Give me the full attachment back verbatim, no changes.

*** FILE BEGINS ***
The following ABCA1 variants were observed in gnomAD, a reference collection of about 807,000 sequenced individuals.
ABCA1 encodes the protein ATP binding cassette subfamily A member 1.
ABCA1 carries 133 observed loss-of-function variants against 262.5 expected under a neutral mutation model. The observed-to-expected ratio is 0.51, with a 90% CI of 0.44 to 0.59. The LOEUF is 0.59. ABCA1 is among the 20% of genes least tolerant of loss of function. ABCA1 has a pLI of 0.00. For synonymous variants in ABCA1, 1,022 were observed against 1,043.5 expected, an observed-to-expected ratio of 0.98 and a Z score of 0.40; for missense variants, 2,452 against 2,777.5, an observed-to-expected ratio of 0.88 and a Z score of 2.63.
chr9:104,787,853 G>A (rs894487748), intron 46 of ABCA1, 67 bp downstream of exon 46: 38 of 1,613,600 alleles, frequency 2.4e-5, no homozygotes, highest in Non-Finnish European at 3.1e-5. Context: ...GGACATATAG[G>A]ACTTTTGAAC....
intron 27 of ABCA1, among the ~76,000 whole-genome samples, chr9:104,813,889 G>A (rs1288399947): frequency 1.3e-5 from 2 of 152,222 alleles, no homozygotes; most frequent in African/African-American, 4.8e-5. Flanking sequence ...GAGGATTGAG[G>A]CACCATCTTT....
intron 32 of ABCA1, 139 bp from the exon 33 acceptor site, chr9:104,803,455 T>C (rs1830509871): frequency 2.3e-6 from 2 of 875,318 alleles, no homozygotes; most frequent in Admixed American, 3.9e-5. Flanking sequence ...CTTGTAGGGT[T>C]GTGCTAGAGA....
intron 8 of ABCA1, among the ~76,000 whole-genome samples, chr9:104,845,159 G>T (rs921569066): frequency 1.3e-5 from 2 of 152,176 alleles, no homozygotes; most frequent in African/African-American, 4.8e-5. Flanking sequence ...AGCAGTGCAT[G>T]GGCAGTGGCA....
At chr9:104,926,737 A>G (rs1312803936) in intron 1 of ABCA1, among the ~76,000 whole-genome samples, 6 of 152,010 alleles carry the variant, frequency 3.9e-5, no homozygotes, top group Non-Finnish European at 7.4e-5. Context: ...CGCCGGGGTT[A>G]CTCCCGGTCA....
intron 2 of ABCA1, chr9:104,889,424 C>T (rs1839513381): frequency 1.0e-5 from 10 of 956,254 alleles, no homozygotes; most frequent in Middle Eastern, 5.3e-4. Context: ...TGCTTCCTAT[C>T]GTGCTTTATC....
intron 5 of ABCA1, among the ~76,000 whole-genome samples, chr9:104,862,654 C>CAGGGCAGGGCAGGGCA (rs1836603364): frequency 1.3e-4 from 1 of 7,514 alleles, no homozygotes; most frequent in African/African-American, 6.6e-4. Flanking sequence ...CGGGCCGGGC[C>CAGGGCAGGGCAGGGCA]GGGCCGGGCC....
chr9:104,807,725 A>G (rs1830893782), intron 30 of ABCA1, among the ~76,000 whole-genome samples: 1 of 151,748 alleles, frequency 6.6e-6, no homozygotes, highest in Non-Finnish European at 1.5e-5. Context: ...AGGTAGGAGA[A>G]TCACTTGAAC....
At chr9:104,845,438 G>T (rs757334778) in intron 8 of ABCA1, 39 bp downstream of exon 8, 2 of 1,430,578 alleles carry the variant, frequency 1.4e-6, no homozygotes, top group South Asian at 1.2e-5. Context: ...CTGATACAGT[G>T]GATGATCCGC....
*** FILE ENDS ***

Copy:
The following ABCA1 variants were observed in gnomAD, a reference collection of about 807,000 sequenced individuals.
ABCA1 encodes the protein ATP binding cassette subfamily A member 1.
ABCA1 carries 133 observed loss-of-function variants against 262.5 expected under a neutral mutation model. The observed-to-expected ratio is 0.51, with a 90% CI of 0.44 to 0.59. The LOEUF is 0.59. ABCA1 is among the 20% of genes least tolerant of loss of function. ABCA1 has a pLI of 0.00. For synonymous variants in ABCA1, 1,022 were observed against 1,043.5 expected, an observed-to-expected ratio of 0.98 and a Z score of 0.40; for missense variants, 2,452 against 2,777.5, an observed-to-expected ratio of 0.88 and a Z score of 2.63.
chr9:104,787,853 G>A (rs894487748), intron 46 of ABCA1, 67 bp downstream of exon 46: 38 of 1,613,600 alleles, frequency 2.4e-5, no homozygotes, highest in Non-Finnish European at 3.1e-5. Context: ...GGACATATAG[G>A]ACTTTTGAAC....
intron 27 of ABCA1, among the ~76,000 whole-genome samples, chr9:104,813,889 G>A (rs1288399947): frequency 1.3e-5 from 2 of 152,222 alleles, no homozygotes; most frequent in African/African-American, 4.8e-5. Flanking sequence ...GAGGATTGAG[G>A]CACCATCTTT....
intron 32 of ABCA1, 139 bp from the exon 33 acceptor site, chr9:104,803,455 T>C (rs1830509871): frequency 2.3e-6 from 2 of 875,318 alleles, no homozygotes; most frequent in Admixed American, 3.9e-5. Flanking sequence ...CTTGTAGGGT[T>C]GTGCTAGAGA....
intron 8 of ABCA1, among the ~76,000 whole-genome samples, chr9:104,845,159 G>T (rs921569066): frequency 1.3e-5 from 2 of 152,176 alleles, no homozygotes; most frequent in African/African-American, 4.8e-5. Flanking sequence ...AGCAGTGCAT[G>T]GGCAGTGGCA....
At chr9:104,926,737 A>G (rs1312803936) in intron 1 of ABCA1, among the ~76,000 whole-genome samples, 6 of 152,010 alleles carry the variant, frequency 3.9e-5, no homozygotes, top group Non-Finnish European at 7.4e-5. Context: ...CGCCGGGGTT[A>G]CTCCCGGTCA....
intron 2 of ABCA1, chr9:104,889,424 C>T (rs1839513381): frequency 1.0e-5 from 10 of 956,254 alleles, no homozygotes; most frequent in Middle Eastern, 5.3e-4. Context: ...TGCTTCCTAT[C>T]GTGCTTTATC....
intron 5 of ABCA1, among the ~76,000 whole-genome samples, chr9:104,862,654 C>CAGGGCAGGGCAGGGCA (rs1836603364): frequency 1.3e-4 from 1 of 7,514 alleles, no homozygotes; most frequent in African/African-American, 6.6e-4. Flanking sequence ...CGGGCCGGGC[C>CAGGGCAGGGCAGGGCA]GGGCCGGGCC....
chr9:104,807,725 A>G (rs1830893782), intron 30 of ABCA1, among the ~76,000 whole-genome samples: 1 of 151,748 alleles, frequency 6.6e-6, no homozygotes, highest in Non-Finnish European at 1.5e-5. Context: ...AGGTAGGAGA[A>G]TCACTTGAAC....
At chr9:104,845,438 G>T (rs757334778) in intron 8 of ABCA1, 39 bp downstream of exon 8, 2 of 1,430,578 alleles carry the variant, frequency 1.4e-6, no homozygotes, top group South Asian at 1.2e-5. Context: ...CTGATACAGT[G>T]GATGATCCGC....